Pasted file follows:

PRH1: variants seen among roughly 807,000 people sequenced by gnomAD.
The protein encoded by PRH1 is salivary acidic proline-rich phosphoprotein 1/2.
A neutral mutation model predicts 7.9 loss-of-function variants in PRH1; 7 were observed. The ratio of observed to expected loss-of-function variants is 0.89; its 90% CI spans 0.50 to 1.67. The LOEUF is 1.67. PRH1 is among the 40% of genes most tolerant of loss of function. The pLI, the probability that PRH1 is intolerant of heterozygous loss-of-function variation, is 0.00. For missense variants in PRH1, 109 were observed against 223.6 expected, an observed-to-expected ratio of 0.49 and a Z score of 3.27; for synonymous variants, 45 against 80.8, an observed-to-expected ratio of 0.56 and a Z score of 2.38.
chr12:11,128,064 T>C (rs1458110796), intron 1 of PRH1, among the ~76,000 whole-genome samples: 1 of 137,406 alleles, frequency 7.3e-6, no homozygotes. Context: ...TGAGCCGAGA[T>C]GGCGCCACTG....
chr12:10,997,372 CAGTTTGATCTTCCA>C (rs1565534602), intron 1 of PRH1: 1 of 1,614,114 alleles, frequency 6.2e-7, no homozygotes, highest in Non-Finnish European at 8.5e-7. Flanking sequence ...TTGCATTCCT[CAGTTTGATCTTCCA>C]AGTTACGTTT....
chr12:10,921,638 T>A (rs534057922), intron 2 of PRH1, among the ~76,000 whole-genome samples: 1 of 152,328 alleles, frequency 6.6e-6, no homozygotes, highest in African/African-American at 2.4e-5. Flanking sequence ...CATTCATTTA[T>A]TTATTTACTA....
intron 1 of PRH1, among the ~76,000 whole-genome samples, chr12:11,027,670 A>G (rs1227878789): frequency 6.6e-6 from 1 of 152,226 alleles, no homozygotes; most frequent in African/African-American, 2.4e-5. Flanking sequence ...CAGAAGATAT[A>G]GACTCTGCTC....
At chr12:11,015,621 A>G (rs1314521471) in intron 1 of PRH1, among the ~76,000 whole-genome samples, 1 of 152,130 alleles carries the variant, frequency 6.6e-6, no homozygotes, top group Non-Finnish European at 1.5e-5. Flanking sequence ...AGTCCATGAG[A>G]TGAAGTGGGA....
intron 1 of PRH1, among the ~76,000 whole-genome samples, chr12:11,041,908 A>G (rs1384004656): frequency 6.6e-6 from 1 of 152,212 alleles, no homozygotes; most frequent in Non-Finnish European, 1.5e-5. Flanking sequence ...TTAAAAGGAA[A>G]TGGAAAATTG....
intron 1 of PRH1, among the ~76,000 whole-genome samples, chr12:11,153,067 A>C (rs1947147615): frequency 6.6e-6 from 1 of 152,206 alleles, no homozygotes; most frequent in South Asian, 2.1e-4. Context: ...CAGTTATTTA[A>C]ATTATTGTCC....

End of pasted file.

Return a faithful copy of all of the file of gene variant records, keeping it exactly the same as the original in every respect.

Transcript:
PRH1: variants seen among roughly 807,000 people sequenced by gnomAD.
The protein encoded by PRH1 is salivary acidic proline-rich phosphoprotein 1/2.
A neutral mutation model predicts 7.9 loss-of-function variants in PRH1; 7 were observed. The ratio of observed to expected loss-of-function variants is 0.89; its 90% CI spans 0.50 to 1.67. The LOEUF is 1.67. PRH1 is among the 40% of genes most tolerant of loss of function. The pLI, the probability that PRH1 is intolerant of heterozygous loss-of-function variation, is 0.00. For missense variants in PRH1, 109 were observed against 223.6 expected, an observed-to-expected ratio of 0.49 and a Z score of 3.27; for synonymous variants, 45 against 80.8, an observed-to-expected ratio of 0.56 and a Z score of 2.38.
chr12:11,128,064 T>C (rs1458110796), intron 1 of PRH1, among the ~76,000 whole-genome samples: 1 of 137,406 alleles, frequency 7.3e-6, no homozygotes. Context: ...TGAGCCGAGA[T>C]GGCGCCACTG....
chr12:10,997,372 CAGTTTGATCTTCCA>C (rs1565534602), intron 1 of PRH1: 1 of 1,614,114 alleles, frequency 6.2e-7, no homozygotes, highest in Non-Finnish European at 8.5e-7. Flanking sequence ...TTGCATTCCT[CAGTTTGATCTTCCA>C]AGTTACGTTT....
chr12:10,921,638 T>A (rs534057922), intron 2 of PRH1, among the ~76,000 whole-genome samples: 1 of 152,328 alleles, frequency 6.6e-6, no homozygotes, highest in African/African-American at 2.4e-5. Flanking sequence ...CATTCATTTA[T>A]TTATTTACTA....
intron 1 of PRH1, among the ~76,000 whole-genome samples, chr12:11,027,670 A>G (rs1227878789): frequency 6.6e-6 from 1 of 152,226 alleles, no homozygotes; most frequent in African/African-American, 2.4e-5. Flanking sequence ...CAGAAGATAT[A>G]GACTCTGCTC....
At chr12:11,015,621 A>G (rs1314521471) in intron 1 of PRH1, among the ~76,000 whole-genome samples, 1 of 152,130 alleles carries the variant, frequency 6.6e-6, no homozygotes, top group Non-Finnish European at 1.5e-5. Flanking sequence ...AGTCCATGAG[A>G]TGAAGTGGGA....
intron 1 of PRH1, among the ~76,000 whole-genome samples, chr12:11,041,908 A>G (rs1384004656): frequency 6.6e-6 from 1 of 152,212 alleles, no homozygotes; most frequent in Non-Finnish European, 1.5e-5. Flanking sequence ...TTAAAAGGAA[A>G]TGGAAAATTG....
intron 1 of PRH1, among the ~76,000 whole-genome samples, chr12:11,153,067 A>C (rs1947147615): frequency 6.6e-6 from 1 of 152,206 alleles, no homozygotes; most frequent in South Asian, 2.1e-4. Context: ...CAGTTATTTA[A>C]ATTATTGTCC....